A sustainable future energy system relies on renewable resources. Unfortunately, resources like hydro, solar and wind are often distributed unevenly not only temporally but also geographically and such characteristics bring new challenges.

A cross-border energy system through transmission lines is regarded as one of the low-hanging fruits to address the challenges, especially to North-western Europe where power markets are already partially integrated. Countries in this region have distinct energy system profiles and connecting them with transmission lines can lead to a more diverse and thus, more stable energy system. Nevertheless, increased opposition is observed, due to impacts brought by physical infrastructures as well as concerns of higher electricity prices in exporting regions.

Figure 1. Change in producer revenues in 2050 with the cost-optimal transmission level.

The Flex4RES project has modelled the optimal level of cross-border investments under the assumption of a fossil free energy system by 2050. We find that a cost optimal pathway to a carbon neutral energy system includes significant more cross-border transmissions. More transmission lines improve the competitiveness of wind power because export opportunities mitigate the merit-order effect causing low prices in windy periods. Total system costs are reduced, despite additional transmission investments. Nevertheless, there is an unneglectable distributional effect among stakeholders in different countries.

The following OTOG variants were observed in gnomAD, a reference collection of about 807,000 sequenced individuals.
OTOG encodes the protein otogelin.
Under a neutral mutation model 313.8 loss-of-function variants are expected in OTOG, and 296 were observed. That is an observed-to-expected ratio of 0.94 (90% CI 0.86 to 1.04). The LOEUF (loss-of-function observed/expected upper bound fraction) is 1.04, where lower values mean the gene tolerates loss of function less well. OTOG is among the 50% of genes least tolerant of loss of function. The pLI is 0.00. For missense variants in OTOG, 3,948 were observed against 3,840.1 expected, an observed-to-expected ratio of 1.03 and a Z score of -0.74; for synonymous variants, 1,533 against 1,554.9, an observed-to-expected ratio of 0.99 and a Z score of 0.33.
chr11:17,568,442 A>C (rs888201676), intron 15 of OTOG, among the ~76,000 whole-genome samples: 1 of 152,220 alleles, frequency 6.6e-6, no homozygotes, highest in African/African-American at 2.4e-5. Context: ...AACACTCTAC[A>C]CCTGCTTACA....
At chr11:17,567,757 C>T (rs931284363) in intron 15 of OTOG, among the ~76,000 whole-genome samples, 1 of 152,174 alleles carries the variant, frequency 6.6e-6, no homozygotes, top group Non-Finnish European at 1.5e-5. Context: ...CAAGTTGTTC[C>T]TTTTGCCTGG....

Figure 2. Change in consumer prices in 2050 with the cost-optimal transmission level.

Benefits flow from fossil-fuel based power producers and Northern consumers to Northern hydro and wind power producers and Western European consumers. Asymmetrically distributed benefits might be the biggest barrier against increased cross-border transmissions, but it also brings opportunities for international cooperation to combat climate change.
Results have been shared at the 2019 CONECT conference in Riga, Latvia.

– Yi-kuang Chen, NMBU